RARA    

PROJECTS    l   ABOUT

Living on the edge 


Cultural snippet on food and drinks misconception in Indonesia








Rich in Flavour

A country rich with spices and aromatics, strong flavours are fundamental to Indonesians palate. No tea is too sweet, no meal is too salty. In the past, the perfect balance of rich flavors was achieved through skilled craftmanship in the kitchen, whereas the modern day flavor-richness are often achieved through the excessive use of artificial additives and sugar.
















“I used to eat until I feel full, like 1 plate. I could reduce to about 1/3 of my portion. I couldn’t reduce half of my portion immediately, if I did- then where will I get my energy?” -




The key lies in the Portion



A country rich with spices and aromatics, strong flavours are fundamental to Indonesians palate. No tea is too sweet, no meal is too salty. In the past, the perfect balance of rich flavors was achieved through skilled craftmanship in the kitchen, whereas the modern day flavor-richness are often achieved through the excessive use of artificial additives and sugar.


It is tradition to have many options

In a Padang restaurant, the waiter will bring you a selection of what could be dozens of dishes, stacked into the centre of your table, where you can choose to eat whatever dish you want. You only pay for what you eat.






In a ‘Warung Tegal’ or ‘Warteg’ is a shop that specifically sells all-time Javanese favourites, made up of a wide array of pre-cooked dishes that are arranged in a glass-windowed cupboard. They are well known for selling modestly-priced meals, popular among the working class.





Eating is a social activity


One would rarely find a one-person dinner, as eating is such a communal experience in Indonesia. Food are often served in the center of the table and is to be eaten together. It is considered impolite to refuse any kind of food that is offered by others.








A feature of rice and an assortment of dishes, including fried chicken, fried salted fish, fried tempeh, fried tofu, and fried vegetable fritters, served on top of a banana leaf spread. This is a welcome meal from the Sundanese culture.
















In here, the snacks come to you


Snack doesn’t count


Indonesians love to snack, and snack-sellers can be found in every corner of the street. Snacking gives people an excuse to socialize, and it serves as a necessary filler between the “larger” meals they’ll have throughout the day.  People eat when they’re hungry, but resort to snacks when they want to have some “taste” in their mouth

                                               




















Cilok
Flour dou

An Indonesian snack made with a blend of all-purpose flour and tapioca flour, ground toasted dried shrimp, thinly sliced scallions, grated garlic, and seasoned with salt, sugar, and ground white pepper.

Es Doger
Fritters
An Indonesian coconut milk-based shaved ice beverage pinkish in color that is often served as a dessert, served with red tapioca pearls (‘pacar cina merah delima’), avocados, fermented cassava (‘tapai’), black glutinous rice (‘ketan hitam’), jackfruit, diced bread and all topped off with condensed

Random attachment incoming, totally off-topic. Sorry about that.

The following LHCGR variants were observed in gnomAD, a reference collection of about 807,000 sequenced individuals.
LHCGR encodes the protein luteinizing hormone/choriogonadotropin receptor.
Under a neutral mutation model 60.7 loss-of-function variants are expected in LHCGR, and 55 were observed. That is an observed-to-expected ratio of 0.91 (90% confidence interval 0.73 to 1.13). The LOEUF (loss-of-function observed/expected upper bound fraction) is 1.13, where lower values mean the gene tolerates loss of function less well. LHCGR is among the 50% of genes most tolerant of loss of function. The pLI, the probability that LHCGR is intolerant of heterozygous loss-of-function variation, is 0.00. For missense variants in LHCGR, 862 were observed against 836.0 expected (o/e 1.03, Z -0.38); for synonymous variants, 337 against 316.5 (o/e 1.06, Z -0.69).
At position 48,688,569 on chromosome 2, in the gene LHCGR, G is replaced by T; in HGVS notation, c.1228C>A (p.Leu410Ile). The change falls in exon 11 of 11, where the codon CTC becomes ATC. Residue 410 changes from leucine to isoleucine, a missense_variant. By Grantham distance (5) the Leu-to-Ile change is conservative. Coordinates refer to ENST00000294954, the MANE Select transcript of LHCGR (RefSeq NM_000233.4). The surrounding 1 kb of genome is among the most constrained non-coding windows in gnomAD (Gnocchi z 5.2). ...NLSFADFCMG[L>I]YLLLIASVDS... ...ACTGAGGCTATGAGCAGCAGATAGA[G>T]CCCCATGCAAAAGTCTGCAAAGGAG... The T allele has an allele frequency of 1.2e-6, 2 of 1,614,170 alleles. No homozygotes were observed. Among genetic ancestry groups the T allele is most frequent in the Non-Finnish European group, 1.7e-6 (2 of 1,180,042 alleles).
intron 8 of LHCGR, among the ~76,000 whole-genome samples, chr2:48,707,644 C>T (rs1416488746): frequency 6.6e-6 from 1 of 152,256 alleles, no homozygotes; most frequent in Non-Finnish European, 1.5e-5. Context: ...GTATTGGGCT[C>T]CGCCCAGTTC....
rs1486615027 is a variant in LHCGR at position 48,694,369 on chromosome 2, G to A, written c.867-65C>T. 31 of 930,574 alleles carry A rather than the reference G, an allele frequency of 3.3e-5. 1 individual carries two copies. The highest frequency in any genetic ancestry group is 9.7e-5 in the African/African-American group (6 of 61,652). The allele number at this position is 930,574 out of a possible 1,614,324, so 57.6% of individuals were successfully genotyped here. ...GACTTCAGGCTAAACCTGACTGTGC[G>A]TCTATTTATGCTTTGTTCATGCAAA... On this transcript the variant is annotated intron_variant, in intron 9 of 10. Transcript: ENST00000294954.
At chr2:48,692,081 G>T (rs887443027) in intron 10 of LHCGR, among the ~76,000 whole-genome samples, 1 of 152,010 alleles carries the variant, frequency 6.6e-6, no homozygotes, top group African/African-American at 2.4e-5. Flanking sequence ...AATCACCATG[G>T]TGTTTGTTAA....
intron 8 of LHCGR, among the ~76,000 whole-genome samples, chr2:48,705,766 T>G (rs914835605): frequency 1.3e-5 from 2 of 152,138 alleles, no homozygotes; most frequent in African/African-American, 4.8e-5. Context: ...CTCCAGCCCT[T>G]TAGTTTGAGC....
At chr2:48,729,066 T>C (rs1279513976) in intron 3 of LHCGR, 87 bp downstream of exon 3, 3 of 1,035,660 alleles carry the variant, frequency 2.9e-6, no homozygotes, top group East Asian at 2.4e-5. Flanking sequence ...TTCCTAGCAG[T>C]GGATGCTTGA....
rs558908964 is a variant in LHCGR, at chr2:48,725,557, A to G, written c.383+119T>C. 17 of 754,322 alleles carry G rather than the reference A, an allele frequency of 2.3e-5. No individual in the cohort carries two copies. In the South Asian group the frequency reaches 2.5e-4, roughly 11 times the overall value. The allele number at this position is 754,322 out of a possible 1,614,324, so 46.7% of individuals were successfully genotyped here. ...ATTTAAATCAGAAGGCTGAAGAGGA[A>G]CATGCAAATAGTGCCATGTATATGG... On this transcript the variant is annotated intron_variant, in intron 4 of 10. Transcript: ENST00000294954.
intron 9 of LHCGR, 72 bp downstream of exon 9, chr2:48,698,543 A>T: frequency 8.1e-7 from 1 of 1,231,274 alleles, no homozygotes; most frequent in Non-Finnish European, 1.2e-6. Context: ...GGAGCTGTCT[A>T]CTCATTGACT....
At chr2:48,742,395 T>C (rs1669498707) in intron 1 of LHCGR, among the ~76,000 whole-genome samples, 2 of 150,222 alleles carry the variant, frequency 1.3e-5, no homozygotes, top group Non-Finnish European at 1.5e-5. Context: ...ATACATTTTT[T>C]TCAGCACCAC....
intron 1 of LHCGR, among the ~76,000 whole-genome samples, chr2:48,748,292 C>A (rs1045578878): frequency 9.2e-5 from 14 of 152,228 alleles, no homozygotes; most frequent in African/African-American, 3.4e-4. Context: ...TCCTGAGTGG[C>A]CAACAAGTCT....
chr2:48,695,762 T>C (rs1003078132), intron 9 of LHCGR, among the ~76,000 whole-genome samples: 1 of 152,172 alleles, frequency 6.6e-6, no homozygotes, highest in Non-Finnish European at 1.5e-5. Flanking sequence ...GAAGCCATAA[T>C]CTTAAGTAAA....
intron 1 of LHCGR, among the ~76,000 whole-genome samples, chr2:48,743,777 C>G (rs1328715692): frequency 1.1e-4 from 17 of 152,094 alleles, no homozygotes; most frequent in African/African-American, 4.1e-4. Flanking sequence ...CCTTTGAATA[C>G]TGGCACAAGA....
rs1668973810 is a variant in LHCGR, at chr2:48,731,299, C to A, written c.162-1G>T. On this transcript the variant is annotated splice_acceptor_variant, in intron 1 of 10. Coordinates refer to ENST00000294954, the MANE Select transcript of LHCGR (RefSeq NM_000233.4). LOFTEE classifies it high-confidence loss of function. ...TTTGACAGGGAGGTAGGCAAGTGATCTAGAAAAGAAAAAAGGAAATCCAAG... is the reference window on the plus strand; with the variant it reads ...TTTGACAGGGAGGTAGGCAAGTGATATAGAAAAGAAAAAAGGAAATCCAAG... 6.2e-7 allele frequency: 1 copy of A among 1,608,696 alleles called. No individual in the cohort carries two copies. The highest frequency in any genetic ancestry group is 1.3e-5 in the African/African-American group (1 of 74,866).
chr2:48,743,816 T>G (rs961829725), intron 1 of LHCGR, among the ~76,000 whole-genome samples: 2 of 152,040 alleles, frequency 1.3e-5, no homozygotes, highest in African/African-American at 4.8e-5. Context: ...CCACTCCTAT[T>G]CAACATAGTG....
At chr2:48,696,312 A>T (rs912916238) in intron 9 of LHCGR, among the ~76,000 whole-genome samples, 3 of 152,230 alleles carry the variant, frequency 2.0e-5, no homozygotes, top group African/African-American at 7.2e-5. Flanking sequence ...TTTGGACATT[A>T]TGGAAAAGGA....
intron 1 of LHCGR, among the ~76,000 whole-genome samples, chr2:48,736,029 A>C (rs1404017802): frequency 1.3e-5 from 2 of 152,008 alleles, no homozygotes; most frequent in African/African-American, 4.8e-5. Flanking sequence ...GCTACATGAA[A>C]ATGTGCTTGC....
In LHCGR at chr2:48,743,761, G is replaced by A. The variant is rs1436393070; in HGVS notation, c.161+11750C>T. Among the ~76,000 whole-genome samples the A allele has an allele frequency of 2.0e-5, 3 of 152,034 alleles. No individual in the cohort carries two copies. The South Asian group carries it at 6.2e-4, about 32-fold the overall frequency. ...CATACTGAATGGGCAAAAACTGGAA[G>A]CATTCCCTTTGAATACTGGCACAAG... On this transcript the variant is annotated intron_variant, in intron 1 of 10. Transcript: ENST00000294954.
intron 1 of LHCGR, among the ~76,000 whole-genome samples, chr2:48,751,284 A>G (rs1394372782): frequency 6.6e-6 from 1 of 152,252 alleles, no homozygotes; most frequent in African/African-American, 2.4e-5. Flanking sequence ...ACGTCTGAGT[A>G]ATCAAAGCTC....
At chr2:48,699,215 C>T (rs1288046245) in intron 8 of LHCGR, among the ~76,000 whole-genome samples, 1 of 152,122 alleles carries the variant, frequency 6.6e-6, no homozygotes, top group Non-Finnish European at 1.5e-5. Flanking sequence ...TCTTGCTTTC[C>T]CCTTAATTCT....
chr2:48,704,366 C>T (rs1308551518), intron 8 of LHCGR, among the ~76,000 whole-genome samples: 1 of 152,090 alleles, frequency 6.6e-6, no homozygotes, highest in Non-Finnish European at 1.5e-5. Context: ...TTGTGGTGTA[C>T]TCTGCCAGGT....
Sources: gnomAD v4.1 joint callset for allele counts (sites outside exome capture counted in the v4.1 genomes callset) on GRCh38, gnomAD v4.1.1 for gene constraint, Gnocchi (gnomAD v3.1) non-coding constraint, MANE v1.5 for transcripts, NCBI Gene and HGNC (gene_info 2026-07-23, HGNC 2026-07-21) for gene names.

Gorengan
Fritters

People love their high-calorie classic fried snacks made of various ingredients coated with flour batter.  Normally, it covers tofu, tempeh, bananas, or springrolls. It comes in sweet and savory varieties to eat on its own, or as side dishes.It can be found anywhere, from street carts to hawkers.















“I snack on Okky Jellys when I’m hungry... Yes, they are good for stave off hunger. It’s not bad because you can feel full after consuming three cups of it...”


-Yulita Septianti*, now living with diabetes


Advertisement create reality


Advertising is still, and has always been, a credible source of information for many Indonesians. Through consistent messaging, information presented at face-value is immediately taken as fact, and a basis for many lifestyle decisions. With lax advertising regulations and a knack for creativity, advertisers often emphasize the “healthy” properties of unhealthy products, which the masses tend to easily fall for.





Okky Jelly
A jelly drink which positions itself as  a combination of a drink and snack, advertised as “drink that keeps your hunger at bay.”












Healthy with a lot of sugar
An isotonik drink branded composed of rich vitamins and electronics, light fruity flavor and a refreshing taste. Mizone positions itself as an “everyday restoration drink”, replenishing youths, making them feel like they can take on the rest of their day.




What is real and not
Condensed milk is cow’s milk with 60% of its water removed, often found with sugar added. A lot of Indonesians believe that if it was mixed with water, that it would be equal to “real” milk














Read the full report


This project is creates as a stimuli for our Non-disclosed healthcare related project






2019 © Mirum. Loddy Andrian, Larasati, Sasha Kohar


Archive ︎

© Larasati 2019     
Human Experience Designer 
Project Archive